Marshall has continued to explore fairly similar sounds, his relatively well-known piece "Fog Tropes" for brass sextet is a beautiful, droning classic. I've got a couple of more recent CDs of his, and it's all excellent, definitely worth checking out.

I believe some of the music from this LP has been rereleased on CD on IKON and Other Early Works on New World records, but I don't think it has the entire Fragility cycles album, which is a shame because the whole thing flows beautifully as one piece of music.

Tuesday, October 13, 2009

Alvin Curran - Fiori Chiari Fiori Oscuri

Alvin Curran was one of the members of the Musica Elettronica Viva collective, along with Fred Rzewski, Richard Teitelbaum and others.

Curran's first solo album, Songs and Views of the Magnetic Garden, was originally released in 1975, and consisted of largely improvised live electronic and acoustic drone music. Fiori Chiari Fiori Oscuri was released a short while later, and continues in a similar vein, with more soundscapey tapes, vintage synths, and acoustic instruments.

Side one starts with recordings of a cat purring, and then goes through a long series of electronic synthy drone bits, with occasional soundscape recordings underneath the synths.
Side two goes through a lot of change in its 28 minutes, starting with Alexis Rzewski speaking (I'm guessing he was Fred's young son). It goes into some toy piano, then quite a bit of super-fast minimalist piano playing, in the vein of LaMonte Young & Charlemagne Palestine's piano music. The piece ends on some nice improvised jazzy piano, which fades into electronic chimes and tapes of dogs barking.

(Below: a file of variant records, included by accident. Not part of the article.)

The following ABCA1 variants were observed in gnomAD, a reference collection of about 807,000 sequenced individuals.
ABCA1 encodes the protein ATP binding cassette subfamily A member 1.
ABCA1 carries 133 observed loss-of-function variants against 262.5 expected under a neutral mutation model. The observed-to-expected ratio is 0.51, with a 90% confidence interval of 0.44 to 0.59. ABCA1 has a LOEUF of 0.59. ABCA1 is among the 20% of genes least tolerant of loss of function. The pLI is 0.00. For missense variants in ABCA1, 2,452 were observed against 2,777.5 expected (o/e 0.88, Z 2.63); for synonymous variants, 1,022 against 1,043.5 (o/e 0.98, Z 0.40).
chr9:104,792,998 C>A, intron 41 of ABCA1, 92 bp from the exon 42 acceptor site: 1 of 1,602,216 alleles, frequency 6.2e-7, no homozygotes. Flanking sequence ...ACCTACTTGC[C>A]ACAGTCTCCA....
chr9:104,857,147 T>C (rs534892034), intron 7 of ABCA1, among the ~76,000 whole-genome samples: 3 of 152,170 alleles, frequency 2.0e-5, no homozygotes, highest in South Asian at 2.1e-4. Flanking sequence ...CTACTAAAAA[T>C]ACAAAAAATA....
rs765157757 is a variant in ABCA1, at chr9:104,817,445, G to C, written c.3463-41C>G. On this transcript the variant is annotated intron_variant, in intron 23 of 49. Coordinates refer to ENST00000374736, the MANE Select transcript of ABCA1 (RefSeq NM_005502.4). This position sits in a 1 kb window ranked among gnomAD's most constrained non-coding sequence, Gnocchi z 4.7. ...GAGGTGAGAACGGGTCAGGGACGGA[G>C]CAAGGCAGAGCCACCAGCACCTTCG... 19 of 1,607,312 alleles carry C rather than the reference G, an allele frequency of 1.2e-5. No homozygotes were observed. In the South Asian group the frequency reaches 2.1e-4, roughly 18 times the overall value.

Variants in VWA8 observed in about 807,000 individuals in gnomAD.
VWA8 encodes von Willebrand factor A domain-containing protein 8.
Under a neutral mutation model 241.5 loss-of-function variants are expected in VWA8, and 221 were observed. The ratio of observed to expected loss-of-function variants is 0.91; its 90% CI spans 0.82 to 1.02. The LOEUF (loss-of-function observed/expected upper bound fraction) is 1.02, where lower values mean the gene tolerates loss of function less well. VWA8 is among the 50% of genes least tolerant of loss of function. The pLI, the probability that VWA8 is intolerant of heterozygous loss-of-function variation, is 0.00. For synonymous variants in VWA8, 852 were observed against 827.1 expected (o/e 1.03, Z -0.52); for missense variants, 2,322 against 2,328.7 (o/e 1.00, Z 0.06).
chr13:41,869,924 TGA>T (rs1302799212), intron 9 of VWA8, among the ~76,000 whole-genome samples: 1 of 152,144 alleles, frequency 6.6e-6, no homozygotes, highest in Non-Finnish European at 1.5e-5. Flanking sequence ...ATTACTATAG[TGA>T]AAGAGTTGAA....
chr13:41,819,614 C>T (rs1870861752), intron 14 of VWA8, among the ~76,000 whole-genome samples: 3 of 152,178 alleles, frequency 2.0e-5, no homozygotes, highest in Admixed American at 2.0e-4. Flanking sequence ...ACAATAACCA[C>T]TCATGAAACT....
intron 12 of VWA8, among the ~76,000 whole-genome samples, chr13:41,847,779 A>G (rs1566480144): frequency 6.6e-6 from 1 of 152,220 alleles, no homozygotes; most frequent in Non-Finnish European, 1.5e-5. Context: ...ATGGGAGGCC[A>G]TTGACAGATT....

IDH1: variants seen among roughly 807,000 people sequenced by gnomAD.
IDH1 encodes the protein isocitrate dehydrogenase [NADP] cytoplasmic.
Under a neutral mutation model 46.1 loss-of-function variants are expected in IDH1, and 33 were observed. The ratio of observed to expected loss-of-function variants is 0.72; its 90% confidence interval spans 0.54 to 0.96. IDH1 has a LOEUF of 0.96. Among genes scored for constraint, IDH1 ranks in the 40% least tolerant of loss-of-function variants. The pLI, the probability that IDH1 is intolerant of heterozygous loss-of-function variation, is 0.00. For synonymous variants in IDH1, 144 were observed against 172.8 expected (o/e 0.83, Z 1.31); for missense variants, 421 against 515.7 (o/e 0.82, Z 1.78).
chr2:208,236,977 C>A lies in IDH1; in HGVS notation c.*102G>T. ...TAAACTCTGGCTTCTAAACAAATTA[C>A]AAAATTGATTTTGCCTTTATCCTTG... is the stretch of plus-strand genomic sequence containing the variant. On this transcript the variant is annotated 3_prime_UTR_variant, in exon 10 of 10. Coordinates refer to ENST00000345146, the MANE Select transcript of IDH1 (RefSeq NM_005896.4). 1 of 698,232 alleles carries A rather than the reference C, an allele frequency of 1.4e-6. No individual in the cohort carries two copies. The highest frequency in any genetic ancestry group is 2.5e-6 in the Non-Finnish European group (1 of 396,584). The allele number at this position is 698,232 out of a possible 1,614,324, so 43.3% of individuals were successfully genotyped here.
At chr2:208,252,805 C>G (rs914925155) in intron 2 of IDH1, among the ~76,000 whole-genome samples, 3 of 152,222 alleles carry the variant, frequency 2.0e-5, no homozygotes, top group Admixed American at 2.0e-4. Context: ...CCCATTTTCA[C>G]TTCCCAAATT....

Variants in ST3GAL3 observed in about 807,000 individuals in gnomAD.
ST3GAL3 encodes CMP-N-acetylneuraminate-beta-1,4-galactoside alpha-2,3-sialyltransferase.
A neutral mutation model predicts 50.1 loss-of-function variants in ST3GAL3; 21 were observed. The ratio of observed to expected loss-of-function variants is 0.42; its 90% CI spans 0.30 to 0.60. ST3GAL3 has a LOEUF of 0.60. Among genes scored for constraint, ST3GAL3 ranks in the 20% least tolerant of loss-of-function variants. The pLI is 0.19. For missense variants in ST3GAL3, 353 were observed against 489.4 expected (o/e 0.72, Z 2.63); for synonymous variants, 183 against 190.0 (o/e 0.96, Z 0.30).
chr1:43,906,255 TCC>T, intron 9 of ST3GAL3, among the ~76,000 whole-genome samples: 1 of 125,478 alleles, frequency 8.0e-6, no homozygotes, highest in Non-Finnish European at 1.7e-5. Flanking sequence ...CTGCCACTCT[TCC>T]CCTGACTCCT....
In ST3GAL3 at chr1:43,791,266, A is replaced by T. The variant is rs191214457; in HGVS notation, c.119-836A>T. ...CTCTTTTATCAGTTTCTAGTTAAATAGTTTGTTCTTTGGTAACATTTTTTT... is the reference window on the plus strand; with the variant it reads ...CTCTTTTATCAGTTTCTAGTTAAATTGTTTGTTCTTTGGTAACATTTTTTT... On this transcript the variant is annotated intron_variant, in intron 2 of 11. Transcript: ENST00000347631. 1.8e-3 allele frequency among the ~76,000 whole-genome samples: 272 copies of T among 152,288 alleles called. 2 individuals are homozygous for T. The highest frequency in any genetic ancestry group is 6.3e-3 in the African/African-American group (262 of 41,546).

While Songs and Views was rereleased on Catalyst, a subsidiary of BMG, in the mid-90s, Fiori Chiari has remained out of print for the past 30 + years, never released digitally. Shame. It would be really great if someone out there collected all of these 70s Curran LPs together and rereleased them.

New World records has, in fact, collected all of Curran's 70s LPs and rereleased them, in a 3CD set. Looks amazing. Took down the download link since this is now commercially available and I don't want to bite into their sales. Go check out the set HERE

Wednesday, September 2, 2009


Good to see some people are actually getting to this site & downloading the music. I've been away for a few weeks but now I'm back & plan on posting some more music.. Once I get into the swing of things I'll try to be posting at least one entry per week. BTW, any suggestions on good places on the web to promote this here blog would be appreciated. I haven't quite figured this blogging thing out yet.

upcoming entries include
- Alvin Curran - Fiori Chiari (Amazing 2nd solo LP from Curran, released in the mid 70s)
- Ingram Marshall - The Fragility Cycles
- Laurie Spiegel - The Expanding Universe
- David Rosenboom & Don Buchla - Collaboration in Performance
- Fred Rzewski - Plays Rzewski, Braxton & Eisler

Monday, August 10, 2009

Dickie Landry - Fifteen Saxophones

More frequently credited as Richard Landry, for some reason he decided to go with the name Dickie for this LP. Landry would probably be best known for playing sax with Philip Glass throughout the 70's. He played on pretty much all the original recordings of Glass' seminal pieces, like "Einstein on the Beach", "Music in Twelve Parts", "Music With Changing Parts", "Music in Fifths", "North Star", etc.. He also played on the Talking Heads' "Speaking in Tongues" and Talking Heads member Jerry Harrison's solo album "Casual Gods". Despite his close working relationship with Glass, though, this album bears more of a relation to Terry Riley's early improvisational, jazzy aesthetic than Glass' additive, endlessly repetitious style. This is a great album of dreamy, droney minimalist music, which nowadays would probably pass for ambient or some such thing.

Landry has recorded a number of albums, and seems to still be somewhat active today. There's not much info about him on the web, but I was able to find this page with a short bio and some nice recordings. He released two albums in the earlyish seventies on Philip Glass' Chatham Square label, which I would LOVE to hear if anyone out there has them.